It is truly spring, and sandal weather, and as I walk by the guest room with its French balcony doors open, the breeze sends me a whiff of the honeysuckle scent from the flowering lemon tree. I’ve always wanted a lemon tree, and now that I live in the south of France, I have one.
Sometimes, I am asked what I miss from the US. After all, we’ve been here just about three years (is that all???) without a return, so we’ve had plenty of time to register what’s lacking in our lives in France.
The answer? Not that much. There are big differences, of course, and frankly some of those are less than pleasant on the daily.
Nevertheless, overall, I am grateful to be here because I am never bored, have lots to photograph and stay very active because of the walkability of the city and the good weather. Nice is starting to feel like home, albeit one with all the frictions of being a foreigner.
So, if I were to return to the US, actually, Oregon, what would I enjoy reliving? Here’s a list:
A good naturopath. There are a few here, but I don’t know that their training is as rigorous as it is at the school that certifies naturopaths in Oregon.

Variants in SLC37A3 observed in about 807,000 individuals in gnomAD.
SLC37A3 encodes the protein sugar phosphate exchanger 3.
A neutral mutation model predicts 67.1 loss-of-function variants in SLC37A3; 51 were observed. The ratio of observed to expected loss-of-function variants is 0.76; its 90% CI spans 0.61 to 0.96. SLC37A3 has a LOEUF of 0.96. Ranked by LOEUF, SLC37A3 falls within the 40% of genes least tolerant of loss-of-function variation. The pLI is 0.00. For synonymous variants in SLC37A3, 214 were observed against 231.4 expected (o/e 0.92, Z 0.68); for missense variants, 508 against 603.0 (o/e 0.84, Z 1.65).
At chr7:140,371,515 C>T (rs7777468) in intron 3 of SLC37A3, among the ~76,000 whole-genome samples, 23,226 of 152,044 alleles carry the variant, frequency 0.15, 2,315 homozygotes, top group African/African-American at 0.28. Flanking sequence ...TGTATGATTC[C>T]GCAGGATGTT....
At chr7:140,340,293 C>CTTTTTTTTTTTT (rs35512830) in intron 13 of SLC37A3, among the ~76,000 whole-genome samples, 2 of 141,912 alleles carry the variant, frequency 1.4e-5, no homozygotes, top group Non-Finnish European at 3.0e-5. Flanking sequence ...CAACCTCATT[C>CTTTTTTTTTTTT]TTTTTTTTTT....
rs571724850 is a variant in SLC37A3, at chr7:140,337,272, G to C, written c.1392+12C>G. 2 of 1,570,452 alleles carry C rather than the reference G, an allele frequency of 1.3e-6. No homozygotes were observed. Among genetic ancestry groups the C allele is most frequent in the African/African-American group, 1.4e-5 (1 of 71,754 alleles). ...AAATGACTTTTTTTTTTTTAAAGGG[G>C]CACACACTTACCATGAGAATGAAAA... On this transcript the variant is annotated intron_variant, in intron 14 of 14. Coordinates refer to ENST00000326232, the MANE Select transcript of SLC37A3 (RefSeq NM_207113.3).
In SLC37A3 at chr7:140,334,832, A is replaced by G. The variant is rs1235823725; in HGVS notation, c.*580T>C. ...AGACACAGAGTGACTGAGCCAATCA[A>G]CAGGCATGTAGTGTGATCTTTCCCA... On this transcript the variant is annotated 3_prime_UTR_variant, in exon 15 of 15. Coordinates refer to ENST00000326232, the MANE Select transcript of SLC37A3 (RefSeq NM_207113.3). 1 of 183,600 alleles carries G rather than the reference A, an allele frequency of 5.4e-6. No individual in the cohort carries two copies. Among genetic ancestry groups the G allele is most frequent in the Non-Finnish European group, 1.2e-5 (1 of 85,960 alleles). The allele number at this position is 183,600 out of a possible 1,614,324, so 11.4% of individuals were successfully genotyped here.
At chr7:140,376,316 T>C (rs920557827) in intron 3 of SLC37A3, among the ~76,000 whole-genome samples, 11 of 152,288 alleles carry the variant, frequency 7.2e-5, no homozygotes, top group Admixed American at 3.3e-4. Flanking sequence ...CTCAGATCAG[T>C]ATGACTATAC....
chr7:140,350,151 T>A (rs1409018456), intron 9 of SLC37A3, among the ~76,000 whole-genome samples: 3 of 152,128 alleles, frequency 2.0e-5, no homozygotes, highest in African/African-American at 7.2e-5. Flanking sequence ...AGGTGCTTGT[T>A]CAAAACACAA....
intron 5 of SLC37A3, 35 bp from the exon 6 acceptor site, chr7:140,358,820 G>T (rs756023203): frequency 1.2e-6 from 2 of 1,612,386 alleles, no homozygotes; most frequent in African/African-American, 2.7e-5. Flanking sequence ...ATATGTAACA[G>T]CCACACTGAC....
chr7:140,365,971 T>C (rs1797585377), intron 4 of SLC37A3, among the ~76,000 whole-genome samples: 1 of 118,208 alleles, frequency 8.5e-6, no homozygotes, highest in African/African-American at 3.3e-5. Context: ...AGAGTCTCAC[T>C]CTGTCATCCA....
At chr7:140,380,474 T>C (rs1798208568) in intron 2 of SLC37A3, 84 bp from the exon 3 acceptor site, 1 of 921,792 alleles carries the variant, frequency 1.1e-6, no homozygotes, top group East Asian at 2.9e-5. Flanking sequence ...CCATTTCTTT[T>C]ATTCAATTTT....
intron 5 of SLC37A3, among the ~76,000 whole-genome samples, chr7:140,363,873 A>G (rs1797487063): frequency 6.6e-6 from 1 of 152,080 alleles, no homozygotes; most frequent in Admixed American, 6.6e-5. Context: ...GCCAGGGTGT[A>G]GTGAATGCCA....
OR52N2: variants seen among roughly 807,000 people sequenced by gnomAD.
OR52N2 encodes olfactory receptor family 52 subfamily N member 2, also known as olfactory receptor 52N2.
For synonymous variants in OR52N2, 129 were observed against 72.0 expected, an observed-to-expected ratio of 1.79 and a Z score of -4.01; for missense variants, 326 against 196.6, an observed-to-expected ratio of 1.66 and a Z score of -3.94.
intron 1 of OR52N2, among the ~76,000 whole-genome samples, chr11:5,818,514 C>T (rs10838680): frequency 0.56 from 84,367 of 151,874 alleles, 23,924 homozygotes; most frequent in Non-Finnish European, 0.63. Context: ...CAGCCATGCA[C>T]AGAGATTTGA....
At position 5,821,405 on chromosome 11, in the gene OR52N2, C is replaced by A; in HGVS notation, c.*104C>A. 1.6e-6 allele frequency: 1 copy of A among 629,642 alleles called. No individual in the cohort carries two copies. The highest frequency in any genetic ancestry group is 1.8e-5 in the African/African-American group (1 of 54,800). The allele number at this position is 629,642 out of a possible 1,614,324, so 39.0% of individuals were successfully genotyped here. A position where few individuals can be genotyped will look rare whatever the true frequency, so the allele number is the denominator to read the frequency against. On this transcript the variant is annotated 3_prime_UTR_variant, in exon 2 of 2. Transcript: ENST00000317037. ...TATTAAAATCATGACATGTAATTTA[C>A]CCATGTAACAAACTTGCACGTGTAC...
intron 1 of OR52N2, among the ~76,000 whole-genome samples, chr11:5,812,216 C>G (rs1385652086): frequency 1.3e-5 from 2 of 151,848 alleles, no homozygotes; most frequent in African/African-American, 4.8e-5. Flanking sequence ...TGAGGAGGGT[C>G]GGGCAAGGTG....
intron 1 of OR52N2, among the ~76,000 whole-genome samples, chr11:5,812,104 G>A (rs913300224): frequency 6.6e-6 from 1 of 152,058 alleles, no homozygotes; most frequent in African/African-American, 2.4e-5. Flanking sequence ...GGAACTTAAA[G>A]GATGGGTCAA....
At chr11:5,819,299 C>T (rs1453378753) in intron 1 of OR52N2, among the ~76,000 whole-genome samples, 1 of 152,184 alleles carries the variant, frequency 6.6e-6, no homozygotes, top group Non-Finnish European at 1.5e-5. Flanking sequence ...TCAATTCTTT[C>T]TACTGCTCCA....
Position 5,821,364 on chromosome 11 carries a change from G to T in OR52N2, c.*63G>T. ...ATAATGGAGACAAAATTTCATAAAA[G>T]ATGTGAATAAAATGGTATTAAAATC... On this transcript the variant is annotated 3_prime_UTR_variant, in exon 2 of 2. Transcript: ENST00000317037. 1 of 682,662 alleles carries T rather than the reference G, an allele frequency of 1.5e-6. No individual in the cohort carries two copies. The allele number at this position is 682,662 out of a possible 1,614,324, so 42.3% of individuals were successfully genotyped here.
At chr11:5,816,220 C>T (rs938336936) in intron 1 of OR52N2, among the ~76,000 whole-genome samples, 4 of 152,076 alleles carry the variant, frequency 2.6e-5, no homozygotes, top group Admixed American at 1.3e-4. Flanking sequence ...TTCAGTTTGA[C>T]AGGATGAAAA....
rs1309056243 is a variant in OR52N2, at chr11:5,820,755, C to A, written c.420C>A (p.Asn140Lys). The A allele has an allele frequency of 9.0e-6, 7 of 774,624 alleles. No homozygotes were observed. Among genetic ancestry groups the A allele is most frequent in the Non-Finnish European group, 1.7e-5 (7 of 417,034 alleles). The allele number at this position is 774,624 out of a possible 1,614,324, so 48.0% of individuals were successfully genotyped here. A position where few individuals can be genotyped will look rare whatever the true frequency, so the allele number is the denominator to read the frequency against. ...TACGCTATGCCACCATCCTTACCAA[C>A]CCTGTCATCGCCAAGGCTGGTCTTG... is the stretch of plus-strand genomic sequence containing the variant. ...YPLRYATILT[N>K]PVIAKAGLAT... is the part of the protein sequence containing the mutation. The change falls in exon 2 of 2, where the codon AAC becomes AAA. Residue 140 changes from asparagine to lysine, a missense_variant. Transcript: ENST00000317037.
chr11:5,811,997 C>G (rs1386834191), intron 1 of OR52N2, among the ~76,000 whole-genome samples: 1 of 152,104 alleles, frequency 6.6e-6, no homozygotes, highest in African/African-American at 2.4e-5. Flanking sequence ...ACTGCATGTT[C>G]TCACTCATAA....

Micro-breweries. France cannot compete, nor does any brewer here seem to want to, with the great beers of the Pacific Northwest. We found a few micro-breweries in Brittany, and there are a few in this region, but there isn’t the cult of beer here that is necessary for the great stuff to proliferate.
US-style dental hygiene visits. It’s pretty basic here, essentially plaque removal with a sharp instrument and that’s it.
SIDEWALKS CLEAN OF DOG POOP! Everyone who moves to France complains about the filthy sidewalks. Few dog owners pick up. And everyone has a dog.
Really great food. Yes, you read that right. Nice is not known for culinary sophistication. As in the US, my favorite eateries here are “ethnic.” I’ve got a favorite Japanese, Vietnamese, Indian, North African and Italian. But in August, I miss the sweet corn tamales and soft tacos I used to get on Powell Blvd. Sometimes I lovingly recall the Korean dumplings in Beaverton; the Middle Eastern grocery store and its butternut hummus and fresh baked pita; the sour cherry ravioli at the Russian restaurant; the steamed clams and Dungeness crab dinners on the Oregon coast. Inventiveness and the diligent use of exceptional ingredients in cooking has moved to spots like Portland in the US. French menus are often tired, and that’s because restauranteurs know their clientele and their devotion to traditional french dishes. I’m not taking about Paris, here, which is a different story.
If you are planning to visit us from the US post-Covid, I’ll have a list of things for you to bring!